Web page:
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Former National Security Advisors and Chinese Consul General To Open UC San Diego Forum On US-China Relations

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On Monday, UC San Diego's School of Global Policy and Strategy will begin a week-long forum in response to increasing trade tensions between the U.S. and China.

Show transcript

Speaker 1: 00:00 The growing trade war between the U S and China continues to shake up the financial markets this weekend. International Investment Bank, Goldman Sachs announced that analysts no longer expect a trade deal between the u s and China before the 2020 presidential election this week. UC San Diego is welcoming a forum of diplomatic and economic leaders to discuss Chinese trade and economic development. It's described as four days of intense frank talk about the future of the u s China relationship. I spoke with one of the organizers of the forum research Professor Susan Shirk, chair of the 21st century China Center at UC San Diego. I began by asking if China's decision to devalue its currency would hurt the u s

Speaker 2: 00:48 um, well, of course it does make, uh, American products more expensive in China and makes Chinese products less expensive for us if we want to buy them. Uh, so it, uh, it does put China at an advantage to have a lower currency, but it's not really all that significant in and of itself. It's just a one more round. And this very acrimonious, I'd say tough bargaining and brinksmanship between the two countries.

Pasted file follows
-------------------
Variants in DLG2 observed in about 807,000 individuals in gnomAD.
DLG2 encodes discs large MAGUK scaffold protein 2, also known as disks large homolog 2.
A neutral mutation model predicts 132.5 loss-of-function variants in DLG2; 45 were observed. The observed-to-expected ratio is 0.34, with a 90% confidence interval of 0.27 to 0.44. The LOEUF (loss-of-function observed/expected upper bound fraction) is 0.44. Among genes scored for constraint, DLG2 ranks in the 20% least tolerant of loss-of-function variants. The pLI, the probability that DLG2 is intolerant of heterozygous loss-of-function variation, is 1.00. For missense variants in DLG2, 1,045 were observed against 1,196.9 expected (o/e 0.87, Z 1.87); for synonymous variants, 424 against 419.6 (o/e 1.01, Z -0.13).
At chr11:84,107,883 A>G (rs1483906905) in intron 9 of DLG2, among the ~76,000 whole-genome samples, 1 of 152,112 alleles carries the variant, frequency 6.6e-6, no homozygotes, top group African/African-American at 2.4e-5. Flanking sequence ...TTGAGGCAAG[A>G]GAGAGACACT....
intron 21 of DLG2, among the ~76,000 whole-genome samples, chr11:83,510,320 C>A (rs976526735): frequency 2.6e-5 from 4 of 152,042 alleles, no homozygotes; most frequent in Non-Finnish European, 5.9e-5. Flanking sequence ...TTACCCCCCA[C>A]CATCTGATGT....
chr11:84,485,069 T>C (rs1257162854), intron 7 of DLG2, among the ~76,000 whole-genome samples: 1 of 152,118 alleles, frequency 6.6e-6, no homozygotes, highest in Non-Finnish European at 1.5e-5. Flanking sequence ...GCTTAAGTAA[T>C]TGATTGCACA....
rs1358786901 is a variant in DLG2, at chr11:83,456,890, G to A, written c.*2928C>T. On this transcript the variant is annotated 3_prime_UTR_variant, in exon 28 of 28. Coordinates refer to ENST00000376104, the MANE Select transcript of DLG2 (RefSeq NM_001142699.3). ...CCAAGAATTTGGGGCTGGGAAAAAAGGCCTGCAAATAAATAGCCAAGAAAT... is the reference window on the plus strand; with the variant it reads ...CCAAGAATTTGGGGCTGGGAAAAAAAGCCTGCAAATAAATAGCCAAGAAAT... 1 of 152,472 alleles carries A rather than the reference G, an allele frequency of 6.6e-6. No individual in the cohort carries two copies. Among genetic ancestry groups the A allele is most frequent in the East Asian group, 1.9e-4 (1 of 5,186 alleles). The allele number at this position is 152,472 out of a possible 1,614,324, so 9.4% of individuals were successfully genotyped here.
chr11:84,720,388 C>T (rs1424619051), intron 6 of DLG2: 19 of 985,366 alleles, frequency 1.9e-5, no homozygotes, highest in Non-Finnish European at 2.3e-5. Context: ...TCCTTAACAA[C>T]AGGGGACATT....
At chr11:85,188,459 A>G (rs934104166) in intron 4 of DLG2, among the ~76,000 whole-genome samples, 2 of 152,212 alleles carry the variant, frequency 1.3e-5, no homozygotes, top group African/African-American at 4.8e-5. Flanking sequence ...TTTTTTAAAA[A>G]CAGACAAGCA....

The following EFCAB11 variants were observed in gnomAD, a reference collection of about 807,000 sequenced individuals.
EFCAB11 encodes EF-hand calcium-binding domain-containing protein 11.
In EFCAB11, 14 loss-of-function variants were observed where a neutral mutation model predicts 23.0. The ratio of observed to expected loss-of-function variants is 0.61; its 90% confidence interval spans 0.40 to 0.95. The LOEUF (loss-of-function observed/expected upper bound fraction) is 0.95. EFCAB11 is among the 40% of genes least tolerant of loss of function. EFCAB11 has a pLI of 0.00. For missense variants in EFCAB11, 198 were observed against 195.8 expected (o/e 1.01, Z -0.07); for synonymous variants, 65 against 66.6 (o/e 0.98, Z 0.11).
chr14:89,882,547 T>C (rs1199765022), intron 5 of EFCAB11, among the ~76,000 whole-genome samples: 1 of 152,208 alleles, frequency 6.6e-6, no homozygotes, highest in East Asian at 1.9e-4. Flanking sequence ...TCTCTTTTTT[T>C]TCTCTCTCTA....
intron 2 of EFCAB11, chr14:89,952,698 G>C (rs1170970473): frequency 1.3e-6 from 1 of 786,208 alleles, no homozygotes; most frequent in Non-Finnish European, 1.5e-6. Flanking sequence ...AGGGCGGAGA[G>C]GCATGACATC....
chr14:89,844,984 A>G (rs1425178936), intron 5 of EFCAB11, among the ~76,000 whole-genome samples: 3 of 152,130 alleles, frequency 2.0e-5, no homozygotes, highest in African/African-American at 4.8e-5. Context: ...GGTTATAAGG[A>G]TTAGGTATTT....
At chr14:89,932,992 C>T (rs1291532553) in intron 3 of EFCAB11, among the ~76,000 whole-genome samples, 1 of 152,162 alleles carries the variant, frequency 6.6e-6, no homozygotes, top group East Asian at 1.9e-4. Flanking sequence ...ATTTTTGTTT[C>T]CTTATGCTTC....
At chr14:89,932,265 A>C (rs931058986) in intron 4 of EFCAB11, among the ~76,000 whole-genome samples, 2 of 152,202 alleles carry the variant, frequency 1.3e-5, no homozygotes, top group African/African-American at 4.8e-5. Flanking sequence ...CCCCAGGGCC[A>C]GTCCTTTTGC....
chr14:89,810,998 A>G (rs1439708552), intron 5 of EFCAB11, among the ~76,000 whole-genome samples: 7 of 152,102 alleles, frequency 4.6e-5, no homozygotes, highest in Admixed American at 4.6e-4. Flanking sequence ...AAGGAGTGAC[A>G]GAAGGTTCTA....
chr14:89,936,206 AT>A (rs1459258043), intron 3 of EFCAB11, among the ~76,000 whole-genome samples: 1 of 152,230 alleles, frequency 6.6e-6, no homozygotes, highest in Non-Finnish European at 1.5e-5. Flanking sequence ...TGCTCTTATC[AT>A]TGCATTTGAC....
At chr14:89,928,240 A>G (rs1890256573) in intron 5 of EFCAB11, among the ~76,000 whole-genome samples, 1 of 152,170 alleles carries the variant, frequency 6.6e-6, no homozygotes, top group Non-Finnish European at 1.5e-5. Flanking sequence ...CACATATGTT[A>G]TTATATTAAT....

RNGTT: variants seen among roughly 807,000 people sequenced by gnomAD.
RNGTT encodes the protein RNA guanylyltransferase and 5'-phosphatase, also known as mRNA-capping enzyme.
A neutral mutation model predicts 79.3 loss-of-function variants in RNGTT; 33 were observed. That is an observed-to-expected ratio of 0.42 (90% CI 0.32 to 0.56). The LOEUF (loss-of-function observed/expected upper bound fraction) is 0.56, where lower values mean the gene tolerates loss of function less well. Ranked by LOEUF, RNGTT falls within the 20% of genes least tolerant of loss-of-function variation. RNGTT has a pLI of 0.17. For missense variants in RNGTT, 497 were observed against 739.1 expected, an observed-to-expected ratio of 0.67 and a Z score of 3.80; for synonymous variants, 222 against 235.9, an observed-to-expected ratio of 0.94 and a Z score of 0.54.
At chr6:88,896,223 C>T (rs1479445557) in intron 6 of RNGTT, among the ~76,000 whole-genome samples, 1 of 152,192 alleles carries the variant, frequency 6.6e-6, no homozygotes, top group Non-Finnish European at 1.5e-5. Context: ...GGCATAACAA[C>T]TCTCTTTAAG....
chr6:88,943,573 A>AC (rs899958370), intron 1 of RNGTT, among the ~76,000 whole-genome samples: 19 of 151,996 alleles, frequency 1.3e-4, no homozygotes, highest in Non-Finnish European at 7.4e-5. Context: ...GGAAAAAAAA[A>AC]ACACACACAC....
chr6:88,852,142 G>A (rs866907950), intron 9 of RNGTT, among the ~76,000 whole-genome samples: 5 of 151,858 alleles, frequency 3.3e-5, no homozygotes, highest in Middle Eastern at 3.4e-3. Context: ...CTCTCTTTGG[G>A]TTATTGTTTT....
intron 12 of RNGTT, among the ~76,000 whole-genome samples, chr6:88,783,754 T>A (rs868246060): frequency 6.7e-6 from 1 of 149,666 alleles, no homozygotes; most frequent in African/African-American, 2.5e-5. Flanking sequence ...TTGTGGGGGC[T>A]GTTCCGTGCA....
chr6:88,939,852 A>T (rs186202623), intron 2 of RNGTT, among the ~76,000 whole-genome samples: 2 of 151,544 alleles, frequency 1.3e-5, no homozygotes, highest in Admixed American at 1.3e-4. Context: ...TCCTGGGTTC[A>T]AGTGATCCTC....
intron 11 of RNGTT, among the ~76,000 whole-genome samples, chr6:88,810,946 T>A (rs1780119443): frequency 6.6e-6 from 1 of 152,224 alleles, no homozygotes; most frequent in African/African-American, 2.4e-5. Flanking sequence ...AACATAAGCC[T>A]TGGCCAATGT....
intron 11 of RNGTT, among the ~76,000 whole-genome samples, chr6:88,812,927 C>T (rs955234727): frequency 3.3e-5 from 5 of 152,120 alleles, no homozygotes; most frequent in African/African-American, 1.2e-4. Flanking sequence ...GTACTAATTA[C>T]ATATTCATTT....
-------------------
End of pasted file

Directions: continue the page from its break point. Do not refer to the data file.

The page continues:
Speaker 1: 01:28 What about China's announcement that it will halt purchases of u s agricultural products?

Speaker 2: 01:33 Hello. That is targeted at, uh, one of president Trump's, uh, most important support bases. So it's aimed at putting pressure on him to, uh, lift the tariffs and to negotiate a, an agreement.

Speaker 1: 01:56 Now, does the u s do you think have an advantage or since China is more of a centrally planned economy, does it have the advantage?

Speaker 2: 02:04 You know, I think we really should get beyond this. Uh, you win. I lose zero sum attitude because there are losers in both countries and the whole global economic system is being highly disrupted, uh, by this way of the two countries, um, dealing with their economic differences. Uh, it's going to slow down global growth, uh, across the board, not just in the two countries. And it's slowing down because technology is part of it. It's also slowing down human progress. Right.

Speaker 1: 02:49 What other subjects besides trade will you be discussing during this forum?

Speaker 2: 02:54 We'll certainly be talking about technology. We'll talk about five g a I and, uh, the restrictions that the United States is starting to place on visas for Chinese science students, including at UCFD, uh, on Chinese investment in high tech firms in the United States, as well as China's, uh, which is really a reaction to China's massive state led effort to turn itself into a high tech superpower.

Speaker 1: 03:32 Can you give us an idea of who's going to be at [inaudible]?